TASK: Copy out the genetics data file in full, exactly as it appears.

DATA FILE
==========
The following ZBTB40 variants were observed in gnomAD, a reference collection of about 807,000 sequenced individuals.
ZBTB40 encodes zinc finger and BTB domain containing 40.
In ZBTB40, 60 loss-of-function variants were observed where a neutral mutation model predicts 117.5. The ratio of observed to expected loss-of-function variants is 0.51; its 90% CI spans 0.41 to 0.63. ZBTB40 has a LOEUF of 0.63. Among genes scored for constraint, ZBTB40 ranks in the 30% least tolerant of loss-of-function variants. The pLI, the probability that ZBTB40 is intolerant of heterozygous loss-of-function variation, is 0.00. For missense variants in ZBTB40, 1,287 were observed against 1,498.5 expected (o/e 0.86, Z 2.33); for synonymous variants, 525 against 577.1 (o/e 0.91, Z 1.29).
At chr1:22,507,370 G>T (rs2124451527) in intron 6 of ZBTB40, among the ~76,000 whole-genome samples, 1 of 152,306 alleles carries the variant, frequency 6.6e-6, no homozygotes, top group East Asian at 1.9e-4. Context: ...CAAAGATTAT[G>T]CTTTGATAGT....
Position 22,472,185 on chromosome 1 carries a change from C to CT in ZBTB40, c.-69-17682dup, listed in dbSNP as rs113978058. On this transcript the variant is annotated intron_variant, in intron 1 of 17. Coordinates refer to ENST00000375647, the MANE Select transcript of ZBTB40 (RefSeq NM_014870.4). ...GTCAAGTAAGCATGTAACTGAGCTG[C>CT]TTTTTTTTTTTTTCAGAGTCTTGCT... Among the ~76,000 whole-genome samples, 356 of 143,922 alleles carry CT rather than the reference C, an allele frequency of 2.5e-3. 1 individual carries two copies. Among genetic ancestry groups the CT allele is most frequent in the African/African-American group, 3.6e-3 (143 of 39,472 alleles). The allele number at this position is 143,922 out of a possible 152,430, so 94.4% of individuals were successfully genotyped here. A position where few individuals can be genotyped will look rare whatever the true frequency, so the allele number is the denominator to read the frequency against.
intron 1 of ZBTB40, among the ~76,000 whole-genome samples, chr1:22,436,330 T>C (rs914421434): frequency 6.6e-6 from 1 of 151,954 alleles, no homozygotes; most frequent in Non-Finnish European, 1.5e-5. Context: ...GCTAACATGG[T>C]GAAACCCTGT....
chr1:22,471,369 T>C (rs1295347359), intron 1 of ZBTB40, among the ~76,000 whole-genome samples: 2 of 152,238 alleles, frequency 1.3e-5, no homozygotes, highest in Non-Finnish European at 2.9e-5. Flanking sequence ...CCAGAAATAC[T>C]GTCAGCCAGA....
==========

The following ZBTB40 variants were observed in gnomAD, a reference collection of about 807,000 sequenced individuals.
ZBTB40 encodes zinc finger and BTB domain containing 40.
In ZBTB40, 60 loss-of-function variants were observed where a neutral mutation model predicts 117.5. The ratio of observed to expected loss-of-function variants is 0.51; its 90% CI spans 0.41 to 0.63. ZBTB40 has a LOEUF of 0.63. Among genes scored for constraint, ZBTB40 ranks in the 30% least tolerant of loss-of-function variants. The pLI, the probability that ZBTB40 is intolerant of heterozygous loss-of-function variation, is 0.00. For missense variants in ZBTB40, 1,287 were observed against 1,498.5 expected (o/e 0.86, Z 2.33); for synonymous variants, 525 against 577.1 (o/e 0.91, Z 1.29).
At chr1:22,507,370 G>T (rs2124451527) in intron 6 of ZBTB40, among the ~76,000 whole-genome samples, 1 of 152,306 alleles carries the variant, frequency 6.6e-6, no homozygotes, top group East Asian at 1.9e-4. Context: ...CAAAGATTAT[G>T]CTTTGATAGT....
Position 22,472,185 on chromosome 1 carries a change from C to CT in ZBTB40, c.-69-17682dup, listed in dbSNP as rs113978058. On this transcript the variant is annotated intron_variant, in intron 1 of 17. Coordinates refer to ENST00000375647, the MANE Select transcript of ZBTB40 (RefSeq NM_014870.4). ...GTCAAGTAAGCATGTAACTGAGCTG[C>CT]TTTTTTTTTTTTTCAGAGTCTTGCT... Among the ~76,000 whole-genome samples, 356 of 143,922 alleles carry CT rather than the reference C, an allele frequency of 2.5e-3. 1 individual carries two copies. Among genetic ancestry groups the CT allele is most frequent in the African/African-American group, 3.6e-3 (143 of 39,472 alleles). The allele number at this position is 143,922 out of a possible 152,430, so 94.4% of individuals were successfully genotyped here. A position where few individuals can be genotyped will look rare whatever the true frequency, so the allele number is the denominator to read the frequency against.
intron 1 of ZBTB40, among the ~76,000 whole-genome samples, chr1:22,436,330 T>C (rs914421434): frequency 6.6e-6 from 1 of 151,954 alleles, no homozygotes; most frequent in Non-Finnish European, 1.5e-5. Context: ...GCTAACATGG[T>C]GAAACCCTGT....
chr1:22,471,369 T>C (rs1295347359), intron 1 of ZBTB40, among the ~76,000 whole-genome samples: 2 of 152,238 alleles, frequency 1.3e-5, no homozygotes, highest in Non-Finnish European at 2.9e-5. Flanking sequence ...CCAGAAATAC[T>C]GTCAGCCAGA....